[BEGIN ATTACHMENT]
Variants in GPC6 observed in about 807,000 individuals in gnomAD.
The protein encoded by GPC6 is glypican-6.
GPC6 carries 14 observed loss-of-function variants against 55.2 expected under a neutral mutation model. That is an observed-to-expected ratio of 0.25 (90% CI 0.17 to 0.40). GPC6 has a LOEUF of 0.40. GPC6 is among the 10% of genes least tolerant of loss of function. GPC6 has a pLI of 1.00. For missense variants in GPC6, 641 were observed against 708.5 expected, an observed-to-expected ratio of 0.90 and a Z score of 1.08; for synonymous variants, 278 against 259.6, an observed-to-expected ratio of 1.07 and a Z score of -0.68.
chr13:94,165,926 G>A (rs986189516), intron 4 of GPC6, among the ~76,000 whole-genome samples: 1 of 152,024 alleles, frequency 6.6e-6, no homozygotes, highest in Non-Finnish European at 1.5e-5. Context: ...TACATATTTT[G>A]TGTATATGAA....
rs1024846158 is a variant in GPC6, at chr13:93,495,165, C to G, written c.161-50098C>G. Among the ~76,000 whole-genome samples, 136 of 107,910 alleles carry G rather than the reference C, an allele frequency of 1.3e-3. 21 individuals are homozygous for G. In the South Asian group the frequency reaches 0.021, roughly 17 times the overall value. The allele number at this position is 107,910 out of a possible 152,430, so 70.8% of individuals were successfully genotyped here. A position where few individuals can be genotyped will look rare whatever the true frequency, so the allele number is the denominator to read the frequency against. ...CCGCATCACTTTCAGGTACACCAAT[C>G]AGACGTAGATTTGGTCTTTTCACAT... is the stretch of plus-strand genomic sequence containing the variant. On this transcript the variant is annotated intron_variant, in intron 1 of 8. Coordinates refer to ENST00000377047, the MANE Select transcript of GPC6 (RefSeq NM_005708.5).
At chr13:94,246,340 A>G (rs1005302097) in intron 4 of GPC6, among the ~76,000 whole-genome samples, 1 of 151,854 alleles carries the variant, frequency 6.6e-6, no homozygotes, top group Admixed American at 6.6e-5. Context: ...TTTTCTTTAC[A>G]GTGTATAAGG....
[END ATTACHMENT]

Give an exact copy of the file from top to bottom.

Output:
Variants in GPC6 observed in about 807,000 individuals in gnomAD.
The protein encoded by GPC6 is glypican-6.
GPC6 carries 14 observed loss-of-function variants against 55.2 expected under a neutral mutation model. That is an observed-to-expected ratio of 0.25 (90% CI 0.17 to 0.40). GPC6 has a LOEUF of 0.40. GPC6 is among the 10% of genes least tolerant of loss of function. GPC6 has a pLI of 1.00. For missense variants in GPC6, 641 were observed against 708.5 expected, an observed-to-expected ratio of 0.90 and a Z score of 1.08; for synonymous variants, 278 against 259.6, an observed-to-expected ratio of 1.07 and a Z score of -0.68.
chr13:94,165,926 G>A (rs986189516), intron 4 of GPC6, among the ~76,000 whole-genome samples: 1 of 152,024 alleles, frequency 6.6e-6, no homozygotes, highest in Non-Finnish European at 1.5e-5. Context: ...TACATATTTT[G>A]TGTATATGAA....
rs1024846158 is a variant in GPC6, at chr13:93,495,165, C to G, written c.161-50098C>G. Among the ~76,000 whole-genome samples, 136 of 107,910 alleles carry G rather than the reference C, an allele frequency of 1.3e-3. 21 individuals are homozygous for G. In the South Asian group the frequency reaches 0.021, roughly 17 times the overall value. The allele number at this position is 107,910 out of a possible 152,430, so 70.8% of individuals were successfully genotyped here. A position where few individuals can be genotyped will look rare whatever the true frequency, so the allele number is the denominator to read the frequency against. ...CCGCATCACTTTCAGGTACACCAAT[C>G]AGACGTAGATTTGGTCTTTTCACAT... is the stretch of plus-strand genomic sequence containing the variant. On this transcript the variant is annotated intron_variant, in intron 1 of 8. Coordinates refer to ENST00000377047, the MANE Select transcript of GPC6 (RefSeq NM_005708.5).
At chr13:94,246,340 A>G (rs1005302097) in intron 4 of GPC6, among the ~76,000 whole-genome samples, 1 of 151,854 alleles carries the variant, frequency 6.6e-6, no homozygotes, top group Admixed American at 6.6e-5. Context: ...TTTTCTTTAC[A>G]GTGTATAAGG....